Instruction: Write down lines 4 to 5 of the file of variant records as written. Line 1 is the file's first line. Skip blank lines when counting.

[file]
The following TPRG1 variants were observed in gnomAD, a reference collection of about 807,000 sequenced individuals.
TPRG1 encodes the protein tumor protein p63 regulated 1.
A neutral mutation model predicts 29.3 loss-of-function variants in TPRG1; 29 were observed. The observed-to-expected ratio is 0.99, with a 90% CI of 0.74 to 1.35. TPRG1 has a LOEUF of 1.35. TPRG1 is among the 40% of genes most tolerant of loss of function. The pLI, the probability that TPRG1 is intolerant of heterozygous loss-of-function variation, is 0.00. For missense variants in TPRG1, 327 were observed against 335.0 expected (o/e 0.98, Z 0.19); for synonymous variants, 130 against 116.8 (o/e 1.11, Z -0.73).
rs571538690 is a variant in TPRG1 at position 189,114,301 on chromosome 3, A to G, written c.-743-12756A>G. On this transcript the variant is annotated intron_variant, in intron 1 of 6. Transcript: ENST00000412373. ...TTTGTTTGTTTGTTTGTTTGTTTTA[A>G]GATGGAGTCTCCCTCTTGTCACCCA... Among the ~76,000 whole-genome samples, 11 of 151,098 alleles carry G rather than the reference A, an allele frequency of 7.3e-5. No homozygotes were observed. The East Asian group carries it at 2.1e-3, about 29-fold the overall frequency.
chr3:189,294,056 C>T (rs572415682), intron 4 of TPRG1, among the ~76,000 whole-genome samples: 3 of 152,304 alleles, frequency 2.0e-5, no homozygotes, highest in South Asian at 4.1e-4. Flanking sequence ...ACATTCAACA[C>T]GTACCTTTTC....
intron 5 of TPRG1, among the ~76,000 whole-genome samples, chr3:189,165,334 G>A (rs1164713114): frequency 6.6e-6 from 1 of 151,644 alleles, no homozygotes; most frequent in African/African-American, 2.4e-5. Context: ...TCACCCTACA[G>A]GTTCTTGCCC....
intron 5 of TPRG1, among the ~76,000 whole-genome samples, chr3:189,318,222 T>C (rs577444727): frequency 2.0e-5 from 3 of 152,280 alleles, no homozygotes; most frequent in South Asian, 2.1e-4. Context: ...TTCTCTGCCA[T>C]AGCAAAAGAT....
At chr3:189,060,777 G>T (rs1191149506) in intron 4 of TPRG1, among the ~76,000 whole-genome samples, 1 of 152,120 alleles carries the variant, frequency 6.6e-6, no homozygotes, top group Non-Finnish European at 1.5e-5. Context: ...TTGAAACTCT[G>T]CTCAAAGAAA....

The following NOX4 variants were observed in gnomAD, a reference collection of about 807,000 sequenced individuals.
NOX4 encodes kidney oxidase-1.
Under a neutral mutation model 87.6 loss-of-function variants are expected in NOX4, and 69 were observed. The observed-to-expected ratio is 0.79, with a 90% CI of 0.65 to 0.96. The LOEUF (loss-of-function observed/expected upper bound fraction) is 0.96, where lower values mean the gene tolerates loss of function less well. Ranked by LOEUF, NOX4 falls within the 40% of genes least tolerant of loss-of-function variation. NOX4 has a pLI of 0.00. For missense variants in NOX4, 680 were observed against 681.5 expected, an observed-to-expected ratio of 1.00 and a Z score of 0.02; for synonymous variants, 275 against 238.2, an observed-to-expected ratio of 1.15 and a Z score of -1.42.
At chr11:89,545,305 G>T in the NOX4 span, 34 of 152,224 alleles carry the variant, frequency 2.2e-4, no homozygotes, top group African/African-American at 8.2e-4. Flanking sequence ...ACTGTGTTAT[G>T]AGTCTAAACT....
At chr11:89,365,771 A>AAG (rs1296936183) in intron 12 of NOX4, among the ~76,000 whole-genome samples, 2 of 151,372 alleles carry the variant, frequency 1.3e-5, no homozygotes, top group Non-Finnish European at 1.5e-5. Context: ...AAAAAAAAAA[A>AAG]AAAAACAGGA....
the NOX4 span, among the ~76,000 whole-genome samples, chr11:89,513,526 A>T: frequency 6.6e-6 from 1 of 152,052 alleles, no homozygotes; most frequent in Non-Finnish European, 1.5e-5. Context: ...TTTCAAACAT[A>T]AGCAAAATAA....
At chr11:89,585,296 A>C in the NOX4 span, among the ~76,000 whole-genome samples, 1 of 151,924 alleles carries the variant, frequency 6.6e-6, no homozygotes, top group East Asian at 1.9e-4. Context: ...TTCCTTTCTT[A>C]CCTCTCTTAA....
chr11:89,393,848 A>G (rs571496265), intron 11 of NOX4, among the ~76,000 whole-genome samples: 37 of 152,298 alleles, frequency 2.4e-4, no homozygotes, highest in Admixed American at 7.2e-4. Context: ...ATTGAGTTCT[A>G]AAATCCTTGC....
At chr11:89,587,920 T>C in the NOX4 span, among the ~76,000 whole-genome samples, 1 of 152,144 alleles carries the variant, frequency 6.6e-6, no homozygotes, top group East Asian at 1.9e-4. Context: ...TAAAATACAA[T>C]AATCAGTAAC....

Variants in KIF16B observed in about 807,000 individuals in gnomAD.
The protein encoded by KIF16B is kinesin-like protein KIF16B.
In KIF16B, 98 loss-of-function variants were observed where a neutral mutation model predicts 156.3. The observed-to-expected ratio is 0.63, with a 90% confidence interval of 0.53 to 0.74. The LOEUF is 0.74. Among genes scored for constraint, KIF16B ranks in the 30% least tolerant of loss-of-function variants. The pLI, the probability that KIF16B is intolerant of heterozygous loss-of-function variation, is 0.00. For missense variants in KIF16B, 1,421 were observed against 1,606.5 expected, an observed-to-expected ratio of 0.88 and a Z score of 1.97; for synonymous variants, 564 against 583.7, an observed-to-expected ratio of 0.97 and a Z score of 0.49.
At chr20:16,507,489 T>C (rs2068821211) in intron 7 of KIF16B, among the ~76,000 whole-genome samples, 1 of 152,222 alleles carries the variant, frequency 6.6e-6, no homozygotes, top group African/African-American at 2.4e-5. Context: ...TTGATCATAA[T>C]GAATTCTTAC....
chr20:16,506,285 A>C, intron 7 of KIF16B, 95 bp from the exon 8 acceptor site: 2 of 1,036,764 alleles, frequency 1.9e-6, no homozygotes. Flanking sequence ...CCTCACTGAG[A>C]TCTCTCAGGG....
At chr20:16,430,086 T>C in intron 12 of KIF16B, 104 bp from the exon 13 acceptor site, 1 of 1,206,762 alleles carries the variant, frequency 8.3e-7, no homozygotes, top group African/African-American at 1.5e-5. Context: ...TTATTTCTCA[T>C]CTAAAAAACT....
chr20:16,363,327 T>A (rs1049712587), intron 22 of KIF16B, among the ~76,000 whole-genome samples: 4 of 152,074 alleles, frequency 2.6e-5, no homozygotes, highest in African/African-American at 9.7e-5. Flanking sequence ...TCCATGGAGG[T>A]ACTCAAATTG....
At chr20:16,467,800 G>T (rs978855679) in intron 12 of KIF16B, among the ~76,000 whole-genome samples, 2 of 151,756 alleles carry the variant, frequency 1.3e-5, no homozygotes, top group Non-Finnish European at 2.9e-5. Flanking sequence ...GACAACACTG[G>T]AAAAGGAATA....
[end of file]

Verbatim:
rs571538690 is a variant in TPRG1 at position 189,114,301 on chromosome 3, A to G, written c.-743-12756A>G. On this transcript the variant is annotated intron_variant, in intron 1 of 6. Transcript: ENST00000412373. ...TTTGTTTGTTTGTTTGTTTGTTTTA[A>G]GATGGAGTCTCCCTCTTGTCACCCA... Among the ~76,000 whole-genome samples, 11 of 151,098 alleles carry G rather than the reference A, an allele frequency of 7.3e-5. No homozygotes were observed. The East Asian group carries it at 2.1e-3, about 29-fold the overall frequency.
chr3:189,294,056 C>T (rs572415682), intron 4 of TPRG1, among the ~76,000 whole-genome samples: 3 of 152,304 alleles, frequency 2.0e-5, no homozygotes, highest in South Asian at 4.1e-4. Flanking sequence ...ACATTCAACA[C>T]GTACCTTTTC....